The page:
- Quality of Life & Wellness
Advantages of Developed Countries
Developed countries in North America and Europe offer their citizens a different standard of living and set of life expectations than do underdeveloped nations in Africa, South America and Asia, with the exception of Japan and South Korea. Within every country there are rich and poor, but it is far more pronounced in the underdeveloped world where people may literally be starving outside the walls of a mansion.
In developed countries the roads, bridges and public transportation systems are well developed and maintained. In the underdeveloped countries, however, roads are often full of potholes, bridges collapse and the public transportation systems are often run by private entrepreneurs eking out a living driving a taxi or a minivan. Many people in the underdeveloped world do not have safe drinking water.
Education is a right in developed countries and most have laws requiring students to stay in school until they are 16 or have a grade 10 standing. Although there are public schools in underdeveloped countries, there are often 50 students in a class. School uniforms are expensive and many parents don’t send their children to school because they need them to help on the farm.
According to the World Health Organization, every 30 seconds an African baby dies from malaria. Consequently, it is the custom in some areas not to name a baby until she is a year old. Children in developed countries, on the other hand, are born with higher life expectancies.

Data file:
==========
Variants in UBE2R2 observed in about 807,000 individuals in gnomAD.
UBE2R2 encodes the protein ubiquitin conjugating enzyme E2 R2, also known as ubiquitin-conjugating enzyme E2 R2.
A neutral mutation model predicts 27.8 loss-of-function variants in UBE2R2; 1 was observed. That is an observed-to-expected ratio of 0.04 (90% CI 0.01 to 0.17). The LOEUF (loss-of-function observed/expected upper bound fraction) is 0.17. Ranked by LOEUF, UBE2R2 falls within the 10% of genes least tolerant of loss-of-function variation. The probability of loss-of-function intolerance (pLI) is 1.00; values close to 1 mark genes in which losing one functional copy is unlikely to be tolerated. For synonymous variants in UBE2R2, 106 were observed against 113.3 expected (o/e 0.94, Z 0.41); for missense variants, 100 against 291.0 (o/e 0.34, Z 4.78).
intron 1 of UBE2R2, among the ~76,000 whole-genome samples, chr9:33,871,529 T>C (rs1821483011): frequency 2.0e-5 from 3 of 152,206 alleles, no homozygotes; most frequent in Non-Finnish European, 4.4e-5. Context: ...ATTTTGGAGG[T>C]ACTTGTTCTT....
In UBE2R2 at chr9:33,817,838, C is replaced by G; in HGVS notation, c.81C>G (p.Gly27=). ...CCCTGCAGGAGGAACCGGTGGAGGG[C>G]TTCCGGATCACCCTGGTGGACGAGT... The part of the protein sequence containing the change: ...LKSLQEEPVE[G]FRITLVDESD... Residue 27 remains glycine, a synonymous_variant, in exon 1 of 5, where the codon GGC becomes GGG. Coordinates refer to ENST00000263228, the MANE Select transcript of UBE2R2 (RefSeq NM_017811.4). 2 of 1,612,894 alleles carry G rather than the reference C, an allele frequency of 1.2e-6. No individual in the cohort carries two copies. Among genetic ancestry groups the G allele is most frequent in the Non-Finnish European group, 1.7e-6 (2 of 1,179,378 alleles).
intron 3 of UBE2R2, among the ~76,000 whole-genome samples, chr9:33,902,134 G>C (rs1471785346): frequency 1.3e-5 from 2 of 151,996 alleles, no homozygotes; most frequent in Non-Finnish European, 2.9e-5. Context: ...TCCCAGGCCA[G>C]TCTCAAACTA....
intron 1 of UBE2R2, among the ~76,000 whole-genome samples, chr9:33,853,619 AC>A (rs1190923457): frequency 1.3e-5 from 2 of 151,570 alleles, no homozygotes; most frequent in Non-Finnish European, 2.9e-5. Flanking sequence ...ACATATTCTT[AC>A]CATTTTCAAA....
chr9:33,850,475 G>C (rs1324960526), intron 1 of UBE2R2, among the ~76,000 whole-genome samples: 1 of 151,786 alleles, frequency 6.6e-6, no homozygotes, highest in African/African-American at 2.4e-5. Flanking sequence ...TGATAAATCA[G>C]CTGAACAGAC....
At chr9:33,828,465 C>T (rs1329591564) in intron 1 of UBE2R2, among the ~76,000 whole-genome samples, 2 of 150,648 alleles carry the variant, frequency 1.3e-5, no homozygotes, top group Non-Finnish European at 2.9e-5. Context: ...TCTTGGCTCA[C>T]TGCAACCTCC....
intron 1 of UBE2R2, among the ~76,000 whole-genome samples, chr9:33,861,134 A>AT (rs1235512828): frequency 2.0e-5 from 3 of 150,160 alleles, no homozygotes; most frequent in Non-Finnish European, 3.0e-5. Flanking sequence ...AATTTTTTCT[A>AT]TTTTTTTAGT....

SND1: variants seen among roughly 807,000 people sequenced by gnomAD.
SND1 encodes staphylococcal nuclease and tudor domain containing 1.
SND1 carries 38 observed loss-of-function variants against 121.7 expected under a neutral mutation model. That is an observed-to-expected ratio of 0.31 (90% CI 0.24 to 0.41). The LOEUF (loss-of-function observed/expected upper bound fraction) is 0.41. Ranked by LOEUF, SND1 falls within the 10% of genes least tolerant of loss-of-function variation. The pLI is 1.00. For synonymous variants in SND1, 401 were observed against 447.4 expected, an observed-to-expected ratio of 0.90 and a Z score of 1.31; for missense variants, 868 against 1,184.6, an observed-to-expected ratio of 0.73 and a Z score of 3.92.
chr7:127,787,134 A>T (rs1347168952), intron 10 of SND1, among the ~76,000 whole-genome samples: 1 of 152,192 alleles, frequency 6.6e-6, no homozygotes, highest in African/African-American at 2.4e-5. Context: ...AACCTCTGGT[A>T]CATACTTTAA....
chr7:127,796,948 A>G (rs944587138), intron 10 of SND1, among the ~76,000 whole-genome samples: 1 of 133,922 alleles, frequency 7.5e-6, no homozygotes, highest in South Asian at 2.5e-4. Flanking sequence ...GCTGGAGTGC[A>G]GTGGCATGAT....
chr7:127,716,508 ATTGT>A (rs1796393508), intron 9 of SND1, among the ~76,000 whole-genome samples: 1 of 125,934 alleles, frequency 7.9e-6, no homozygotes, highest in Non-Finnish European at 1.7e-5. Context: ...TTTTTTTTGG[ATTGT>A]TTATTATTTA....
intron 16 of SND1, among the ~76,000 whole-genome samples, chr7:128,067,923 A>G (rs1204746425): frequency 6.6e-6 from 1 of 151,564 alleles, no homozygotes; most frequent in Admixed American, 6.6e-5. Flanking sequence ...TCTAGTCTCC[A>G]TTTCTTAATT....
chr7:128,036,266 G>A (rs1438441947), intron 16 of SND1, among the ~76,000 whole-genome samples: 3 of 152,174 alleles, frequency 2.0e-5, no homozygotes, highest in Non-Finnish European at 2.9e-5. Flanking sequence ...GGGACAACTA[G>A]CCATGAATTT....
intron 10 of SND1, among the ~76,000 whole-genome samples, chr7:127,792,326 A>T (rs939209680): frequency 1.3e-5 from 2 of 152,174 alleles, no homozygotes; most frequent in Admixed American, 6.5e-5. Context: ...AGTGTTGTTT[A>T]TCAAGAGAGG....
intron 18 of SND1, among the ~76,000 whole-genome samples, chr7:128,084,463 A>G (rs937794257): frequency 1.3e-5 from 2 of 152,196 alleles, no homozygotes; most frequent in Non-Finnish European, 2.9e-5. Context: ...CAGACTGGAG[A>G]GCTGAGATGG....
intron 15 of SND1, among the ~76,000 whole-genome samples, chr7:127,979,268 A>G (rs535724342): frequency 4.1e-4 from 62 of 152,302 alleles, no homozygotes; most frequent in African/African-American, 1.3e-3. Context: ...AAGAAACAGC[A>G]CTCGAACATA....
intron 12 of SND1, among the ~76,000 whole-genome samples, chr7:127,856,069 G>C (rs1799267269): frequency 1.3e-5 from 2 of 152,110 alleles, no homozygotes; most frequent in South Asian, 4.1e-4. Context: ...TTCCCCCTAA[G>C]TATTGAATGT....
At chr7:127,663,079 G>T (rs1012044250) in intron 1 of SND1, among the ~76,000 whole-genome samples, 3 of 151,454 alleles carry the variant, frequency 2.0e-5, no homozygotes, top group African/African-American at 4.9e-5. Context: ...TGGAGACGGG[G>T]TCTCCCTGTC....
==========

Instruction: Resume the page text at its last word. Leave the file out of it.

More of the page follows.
Women in developed countries can expect to be literate, work and hold bank accounts and property in their own names. In the underdeveloped world however, many women are illiterate, have to work on the farm and the husband controls all the money. In some countries, such as Nigeria, a man may have up to four wives.
In the developed world, people are safer, because police, fire fighting and ambulance services are in place. In the underdeveloped world, however, police can be bribed, fire engines are rate and ambulances are only available to those with money. Thefts and muggings are also common in underdeveloped countries where people are desperate.
Although people, such as George Sadowsky, had great expectations that the Internet would help developing countries in 1996, that has not eventuated. Instead, the Internet has served to clearly identify the rich from the poor in developing countries. Some rural villages in countries, such as Nigeria or Cambodia, still don’t have electricity
World Health Organization: Deducing Infant Deaths
On The Internet: The Internet Society and Developing Countries; George Sadowsky, New York University; November/December 1996
UN Women: Commission on the Status of Women
Model United Nations Far West: Responsibility of Multinational Corporations in Developing Countries; Elizabeth Philips